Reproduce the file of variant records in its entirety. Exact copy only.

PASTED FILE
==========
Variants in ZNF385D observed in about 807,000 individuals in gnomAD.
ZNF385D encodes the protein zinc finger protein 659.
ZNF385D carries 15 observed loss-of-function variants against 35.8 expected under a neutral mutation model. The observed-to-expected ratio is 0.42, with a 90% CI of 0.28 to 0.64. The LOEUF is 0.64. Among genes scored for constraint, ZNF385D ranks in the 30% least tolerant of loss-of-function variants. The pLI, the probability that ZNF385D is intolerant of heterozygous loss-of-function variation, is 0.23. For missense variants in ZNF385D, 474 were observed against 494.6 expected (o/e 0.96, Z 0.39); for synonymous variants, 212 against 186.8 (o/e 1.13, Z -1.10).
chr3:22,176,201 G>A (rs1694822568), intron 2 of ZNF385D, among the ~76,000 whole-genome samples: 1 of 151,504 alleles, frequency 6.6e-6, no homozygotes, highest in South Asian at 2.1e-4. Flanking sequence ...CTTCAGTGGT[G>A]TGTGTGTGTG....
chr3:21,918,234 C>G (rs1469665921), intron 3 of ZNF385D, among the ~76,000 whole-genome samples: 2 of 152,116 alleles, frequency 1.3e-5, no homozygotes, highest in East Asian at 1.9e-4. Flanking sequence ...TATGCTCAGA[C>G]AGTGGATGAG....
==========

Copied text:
Variants in ZNF385D observed in about 807,000 individuals in gnomAD.
ZNF385D encodes the protein zinc finger protein 659.
ZNF385D carries 15 observed loss-of-function variants against 35.8 expected under a neutral mutation model. The observed-to-expected ratio is 0.42, with a 90% CI of 0.28 to 0.64. The LOEUF is 0.64. Among genes scored for constraint, ZNF385D ranks in the 30% least tolerant of loss-of-function variants. The pLI, the probability that ZNF385D is intolerant of heterozygous loss-of-function variation, is 0.23. For missense variants in ZNF385D, 474 were observed against 494.6 expected (o/e 0.96, Z 0.39); for synonymous variants, 212 against 186.8 (o/e 1.13, Z -1.10).
chr3:22,176,201 G>A (rs1694822568), intron 2 of ZNF385D, among the ~76,000 whole-genome samples: 1 of 151,504 alleles, frequency 6.6e-6, no homozygotes, highest in South Asian at 2.1e-4. Flanking sequence ...CTTCAGTGGT[G>A]TGTGTGTGTG....
chr3:21,918,234 C>G (rs1469665921), intron 3 of ZNF385D, among the ~76,000 whole-genome samples: 2 of 152,116 alleles, frequency 1.3e-5, no homozygotes, highest in East Asian at 1.9e-4. Flanking sequence ...TATGCTCAGA[C>G]AGTGGATGAG....